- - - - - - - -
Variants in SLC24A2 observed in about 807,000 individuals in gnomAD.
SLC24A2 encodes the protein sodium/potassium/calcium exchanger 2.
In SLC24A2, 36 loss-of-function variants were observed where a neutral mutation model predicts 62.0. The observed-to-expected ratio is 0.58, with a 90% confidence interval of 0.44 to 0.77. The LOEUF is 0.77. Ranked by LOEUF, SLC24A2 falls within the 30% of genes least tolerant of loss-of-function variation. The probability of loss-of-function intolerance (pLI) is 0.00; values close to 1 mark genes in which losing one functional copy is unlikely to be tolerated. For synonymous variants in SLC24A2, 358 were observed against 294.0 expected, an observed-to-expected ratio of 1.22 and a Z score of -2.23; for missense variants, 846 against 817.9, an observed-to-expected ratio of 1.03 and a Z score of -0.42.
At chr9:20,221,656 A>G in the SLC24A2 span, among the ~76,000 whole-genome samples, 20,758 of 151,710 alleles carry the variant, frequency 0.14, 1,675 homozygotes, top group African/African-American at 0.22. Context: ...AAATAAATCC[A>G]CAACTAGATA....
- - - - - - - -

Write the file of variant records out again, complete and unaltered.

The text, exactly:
Variants in SLC24A2 observed in about 807,000 individuals in gnomAD.
SLC24A2 encodes the protein sodium/potassium/calcium exchanger 2.
In SLC24A2, 36 loss-of-function variants were observed where a neutral mutation model predicts 62.0. The observed-to-expected ratio is 0.58, with a 90% confidence interval of 0.44 to 0.77. The LOEUF is 0.77. Ranked by LOEUF, SLC24A2 falls within the 30% of genes least tolerant of loss-of-function variation. The probability of loss-of-function intolerance (pLI) is 0.00; values close to 1 mark genes in which losing one functional copy is unlikely to be tolerated. For synonymous variants in SLC24A2, 358 were observed against 294.0 expected, an observed-to-expected ratio of 1.22 and a Z score of -2.23; for missense variants, 846 against 817.9, an observed-to-expected ratio of 1.03 and a Z score of -0.42.
At chr9:20,221,656 A>G in the SLC24A2 span, among the ~76,000 whole-genome samples, 20,758 of 151,710 alleles carry the variant, frequency 0.14, 1,675 homozygotes, top group African/African-American at 0.22. Context: ...AAATAAATCC[A>G]CAACTAGATA....